It’s 5.45am and I rush to grab one of the last bikes left. I pedal furiously, my heart is pumping and soon my legs are fatiguing. I wonder why I put myself through this.
I am of course in the cycle class at my gym and I do it to try and keep some resemblance of my past fitness. I’m lucky these days if I make it twice a week to the gym and today is one of those days.
As I begin to sweat, my thoughts wander to the devastating announcements in the media this week about Lance Armstrong.
I didn’t want to believe it. Months ago there was mention of Armstrong being a cheat. This week we hear it’s true. He’s not only a cheap and a liar, he’s a calculating one. He’s been cheating for years, using illegal performance enhancing drugs to win. He has now been stripped of his seven Tour de France titles, seven! And barred for life…and this is not all he’s lost.
He has lost his integrity.
To me, integrity is the most important of virtues. This is what we all strive to build over our lives. So what is the true value of integrity?
Integrity is defined as a concept of consistency of actions, values, methods, measures, principles, expectation and outcomes. In ethics, integrity is regarded as the honesty and truthfulness of one’s actions.
Whilst I pedal and push through my cycle class, I think of how important integrity is to our business; Property Bloom. As property development project managers, our word and action, our honesty and principles are the pillars of our business. Our clients rely on us to manage their development in a professional way; they are really hiring our ethics. It’s not a tangible thing, but it’s so important.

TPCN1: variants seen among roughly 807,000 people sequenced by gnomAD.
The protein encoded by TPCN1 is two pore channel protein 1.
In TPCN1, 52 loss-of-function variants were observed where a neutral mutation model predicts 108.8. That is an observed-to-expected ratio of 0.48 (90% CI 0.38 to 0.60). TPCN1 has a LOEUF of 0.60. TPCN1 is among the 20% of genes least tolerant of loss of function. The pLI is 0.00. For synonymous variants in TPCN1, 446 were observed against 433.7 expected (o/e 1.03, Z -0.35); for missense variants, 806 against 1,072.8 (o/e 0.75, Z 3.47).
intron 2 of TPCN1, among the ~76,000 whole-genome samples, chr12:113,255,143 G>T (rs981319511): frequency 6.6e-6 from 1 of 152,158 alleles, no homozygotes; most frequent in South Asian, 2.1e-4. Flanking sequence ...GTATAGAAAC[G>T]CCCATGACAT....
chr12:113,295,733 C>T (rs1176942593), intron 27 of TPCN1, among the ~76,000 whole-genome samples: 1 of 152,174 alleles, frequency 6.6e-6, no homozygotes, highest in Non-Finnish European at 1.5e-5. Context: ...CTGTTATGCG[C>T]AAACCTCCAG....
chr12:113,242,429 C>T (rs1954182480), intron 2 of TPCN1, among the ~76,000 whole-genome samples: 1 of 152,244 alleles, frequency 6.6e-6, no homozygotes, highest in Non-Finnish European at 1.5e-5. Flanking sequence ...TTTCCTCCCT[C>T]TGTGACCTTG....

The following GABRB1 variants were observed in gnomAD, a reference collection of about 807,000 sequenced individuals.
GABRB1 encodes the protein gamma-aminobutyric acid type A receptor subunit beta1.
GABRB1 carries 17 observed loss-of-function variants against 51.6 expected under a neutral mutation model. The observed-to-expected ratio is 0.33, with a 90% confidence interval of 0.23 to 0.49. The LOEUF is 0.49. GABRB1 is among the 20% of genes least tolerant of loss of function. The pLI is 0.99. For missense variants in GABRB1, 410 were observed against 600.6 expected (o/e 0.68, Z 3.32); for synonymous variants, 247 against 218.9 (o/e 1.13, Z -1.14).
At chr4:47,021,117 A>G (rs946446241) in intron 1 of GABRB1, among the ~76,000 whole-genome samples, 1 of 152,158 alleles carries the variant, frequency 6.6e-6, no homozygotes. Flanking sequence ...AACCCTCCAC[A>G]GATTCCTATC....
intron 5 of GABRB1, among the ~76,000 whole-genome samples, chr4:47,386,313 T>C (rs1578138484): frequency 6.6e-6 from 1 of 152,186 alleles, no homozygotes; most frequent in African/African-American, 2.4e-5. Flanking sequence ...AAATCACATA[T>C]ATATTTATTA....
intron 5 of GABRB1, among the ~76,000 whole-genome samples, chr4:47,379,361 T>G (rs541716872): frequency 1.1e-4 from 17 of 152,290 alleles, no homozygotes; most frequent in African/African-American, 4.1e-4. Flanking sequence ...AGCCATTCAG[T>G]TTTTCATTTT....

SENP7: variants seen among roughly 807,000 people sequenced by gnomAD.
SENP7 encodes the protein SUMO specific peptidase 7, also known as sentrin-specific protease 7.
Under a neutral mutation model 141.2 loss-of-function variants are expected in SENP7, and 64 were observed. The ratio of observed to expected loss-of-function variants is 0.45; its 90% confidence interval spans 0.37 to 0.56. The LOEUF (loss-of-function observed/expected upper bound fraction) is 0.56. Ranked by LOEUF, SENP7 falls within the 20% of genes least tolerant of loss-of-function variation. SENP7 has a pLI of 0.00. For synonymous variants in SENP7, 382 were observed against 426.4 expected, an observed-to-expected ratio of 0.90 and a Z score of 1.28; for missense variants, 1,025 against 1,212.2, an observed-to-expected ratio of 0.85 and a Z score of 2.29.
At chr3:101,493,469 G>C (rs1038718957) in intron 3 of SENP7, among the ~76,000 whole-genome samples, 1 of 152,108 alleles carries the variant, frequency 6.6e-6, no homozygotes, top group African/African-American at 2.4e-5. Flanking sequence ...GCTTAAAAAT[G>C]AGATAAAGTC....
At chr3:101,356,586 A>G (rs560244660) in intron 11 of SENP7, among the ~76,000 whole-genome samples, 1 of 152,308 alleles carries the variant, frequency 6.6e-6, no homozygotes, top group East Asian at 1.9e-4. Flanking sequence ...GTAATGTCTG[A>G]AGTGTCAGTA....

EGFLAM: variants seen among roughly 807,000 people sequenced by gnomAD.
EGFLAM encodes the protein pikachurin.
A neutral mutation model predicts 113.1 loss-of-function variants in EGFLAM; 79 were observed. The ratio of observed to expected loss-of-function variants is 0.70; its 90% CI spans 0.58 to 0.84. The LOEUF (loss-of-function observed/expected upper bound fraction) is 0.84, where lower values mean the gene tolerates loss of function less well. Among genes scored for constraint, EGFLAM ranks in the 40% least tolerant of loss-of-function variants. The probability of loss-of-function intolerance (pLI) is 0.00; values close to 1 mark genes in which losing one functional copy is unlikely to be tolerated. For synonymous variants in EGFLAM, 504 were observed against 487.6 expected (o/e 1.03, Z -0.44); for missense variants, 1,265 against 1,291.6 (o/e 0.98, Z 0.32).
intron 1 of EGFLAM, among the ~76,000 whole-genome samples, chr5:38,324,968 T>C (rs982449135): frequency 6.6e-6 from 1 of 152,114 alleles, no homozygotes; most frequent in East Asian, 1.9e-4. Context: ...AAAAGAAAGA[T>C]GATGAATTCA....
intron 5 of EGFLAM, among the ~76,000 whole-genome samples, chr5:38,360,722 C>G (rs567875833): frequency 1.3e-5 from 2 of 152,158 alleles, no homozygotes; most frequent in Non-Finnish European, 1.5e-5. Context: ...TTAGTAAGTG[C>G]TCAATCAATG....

Unfortunately in the past, the world of property developing has been tarred with the same brush as Armstrong by some unethical and unprofessional operators. But there are many reputable and worthy businesses that are genuine. We consider ourselves to be one. All we want is the best outcome for our clients and we strive for this in every step of our process.
There are months of preparation that go into a property development, sometimes years on larger developments. Perhaps somewhat like the preparation needed for the Tour de France. By the time we actually start building – or start our race – we’ve done mountains of preparation.
We have to get out of the saddle and push up some challenging hills, recovering from these and solving issues is what we do every day.
Our finish line is the day our clients walk over their completed development and we’ve found them tenants, delivered depreciation schedules and had the valuations completed. Our ‘race statistics’ are the numbers we present in the form of equity and savings we’ve been able to make the clients and the yield they’ve achieved.
But our spraying of the French Champagne comes when everything is completed and our clients are looking to do their next project.
So I find myself dreaming of Bollinger being sprayed in a celebratory way (actually, it’s a real waste of good champagne!), then I’m rudely bought back to reality by the shouts of my instructor telling me to change gear and go harder. She’s not telling me to take drugs; she’s coaching me to be the best I can, naturally, that’s all I need, some stern encouragement.
So that’s what I do in my class and then later in my day. Go hard in the highest of integrities, in the way I know best.